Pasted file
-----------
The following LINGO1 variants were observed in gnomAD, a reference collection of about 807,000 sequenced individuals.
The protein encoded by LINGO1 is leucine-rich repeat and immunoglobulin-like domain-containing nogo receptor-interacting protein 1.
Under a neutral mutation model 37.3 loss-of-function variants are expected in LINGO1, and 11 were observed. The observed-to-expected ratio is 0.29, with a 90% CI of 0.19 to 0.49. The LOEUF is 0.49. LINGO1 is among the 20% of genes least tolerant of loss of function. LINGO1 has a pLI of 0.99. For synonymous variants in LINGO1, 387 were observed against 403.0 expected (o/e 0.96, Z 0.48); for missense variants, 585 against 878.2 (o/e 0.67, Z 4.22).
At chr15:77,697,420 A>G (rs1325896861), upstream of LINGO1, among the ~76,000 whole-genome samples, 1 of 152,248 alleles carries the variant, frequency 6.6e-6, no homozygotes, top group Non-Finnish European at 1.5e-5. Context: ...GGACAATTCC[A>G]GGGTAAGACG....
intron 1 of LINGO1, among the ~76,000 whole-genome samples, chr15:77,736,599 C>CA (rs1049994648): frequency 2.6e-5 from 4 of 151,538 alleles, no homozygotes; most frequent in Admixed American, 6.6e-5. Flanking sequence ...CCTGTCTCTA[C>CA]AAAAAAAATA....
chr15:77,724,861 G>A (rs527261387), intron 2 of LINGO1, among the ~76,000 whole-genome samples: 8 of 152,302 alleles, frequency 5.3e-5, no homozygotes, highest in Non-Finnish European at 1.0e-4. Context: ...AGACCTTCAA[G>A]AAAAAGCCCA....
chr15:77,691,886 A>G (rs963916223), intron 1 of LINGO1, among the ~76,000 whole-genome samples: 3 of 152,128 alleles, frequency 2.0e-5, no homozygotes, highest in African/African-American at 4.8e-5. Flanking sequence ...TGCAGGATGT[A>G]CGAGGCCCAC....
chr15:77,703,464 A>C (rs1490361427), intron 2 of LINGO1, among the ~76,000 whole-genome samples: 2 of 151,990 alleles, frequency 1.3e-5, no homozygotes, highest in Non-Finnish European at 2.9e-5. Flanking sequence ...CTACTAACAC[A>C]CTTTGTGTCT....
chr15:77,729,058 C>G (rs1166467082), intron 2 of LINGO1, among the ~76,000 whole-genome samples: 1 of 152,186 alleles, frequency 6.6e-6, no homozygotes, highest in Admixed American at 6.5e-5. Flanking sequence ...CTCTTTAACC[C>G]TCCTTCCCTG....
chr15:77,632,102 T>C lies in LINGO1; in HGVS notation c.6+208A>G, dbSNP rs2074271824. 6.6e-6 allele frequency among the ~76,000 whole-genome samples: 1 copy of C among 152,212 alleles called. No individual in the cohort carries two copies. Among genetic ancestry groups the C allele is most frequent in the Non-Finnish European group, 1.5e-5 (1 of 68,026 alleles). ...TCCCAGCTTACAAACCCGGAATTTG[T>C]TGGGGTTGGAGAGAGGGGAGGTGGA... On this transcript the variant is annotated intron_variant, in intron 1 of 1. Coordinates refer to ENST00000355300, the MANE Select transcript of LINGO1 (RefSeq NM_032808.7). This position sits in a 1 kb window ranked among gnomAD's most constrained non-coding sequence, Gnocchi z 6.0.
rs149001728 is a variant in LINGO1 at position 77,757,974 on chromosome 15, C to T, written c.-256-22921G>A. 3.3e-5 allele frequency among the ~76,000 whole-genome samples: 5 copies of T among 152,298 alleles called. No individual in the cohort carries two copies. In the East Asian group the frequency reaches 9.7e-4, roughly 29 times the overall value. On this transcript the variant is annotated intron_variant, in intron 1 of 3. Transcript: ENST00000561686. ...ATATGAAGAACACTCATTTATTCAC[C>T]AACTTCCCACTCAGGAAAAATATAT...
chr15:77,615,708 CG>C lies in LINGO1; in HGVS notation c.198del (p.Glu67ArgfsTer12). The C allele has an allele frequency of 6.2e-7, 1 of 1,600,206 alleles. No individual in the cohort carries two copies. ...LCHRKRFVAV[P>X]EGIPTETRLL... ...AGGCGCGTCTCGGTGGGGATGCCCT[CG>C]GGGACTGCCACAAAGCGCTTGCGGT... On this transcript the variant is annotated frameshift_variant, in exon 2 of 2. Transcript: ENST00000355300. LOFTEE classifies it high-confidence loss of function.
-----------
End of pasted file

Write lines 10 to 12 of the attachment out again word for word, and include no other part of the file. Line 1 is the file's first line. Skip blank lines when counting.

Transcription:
chr15:77,632,102 T>C lies in LINGO1; in HGVS notation c.6+208A>G, dbSNP rs2074271824. 6.6e-6 allele frequency among the ~76,000 whole-genome samples: 1 copy of C among 152,212 alleles called. No individual in the cohort carries two copies. Among genetic ancestry groups the C allele is most frequent in the Non-Finnish European group, 1.5e-5 (1 of 68,026 alleles). ...TCCCAGCTTACAAACCCGGAATTTG[T>C]TGGGGTTGGAGAGAGGGGAGGTGGA... On this transcript the variant is annotated intron_variant, in intron 1 of 1. Coordinates refer to ENST00000355300, the MANE Select transcript of LINGO1 (RefSeq NM_032808.7). This position sits in a 1 kb window ranked among gnomAD's most constrained non-coding sequence, Gnocchi z 6.0.
rs149001728 is a variant in LINGO1 at position 77,757,974 on chromosome 15, C to T, written c.-256-22921G>A. 3.3e-5 allele frequency among the ~76,000 whole-genome samples: 5 copies of T among 152,298 alleles called. No individual in the cohort carries two copies. In the East Asian group the frequency reaches 9.7e-4, roughly 29 times the overall value. On this transcript the variant is annotated intron_variant, in intron 1 of 3. Transcript: ENST00000561686. ...ATATGAAGAACACTCATTTATTCAC[C>T]AACTTCCCACTCAGGAAAAATATAT...
chr15:77,615,708 CG>C lies in LINGO1; in HGVS notation c.198del (p.Glu67ArgfsTer12). The C allele has an allele frequency of 6.2e-7, 1 of 1,600,206 alleles. No individual in the cohort carries two copies. ...LCHRKRFVAV[P>X]EGIPTETRLL... ...AGGCGCGTCTCGGTGGGGATGCCCT[CG>C]GGGACTGCCACAAAGCGCTTGCGGT... On this transcript the variant is annotated frameshift_variant, in exon 2 of 2. Transcript: ENST00000355300. LOFTEE classifies it high-confidence loss of function.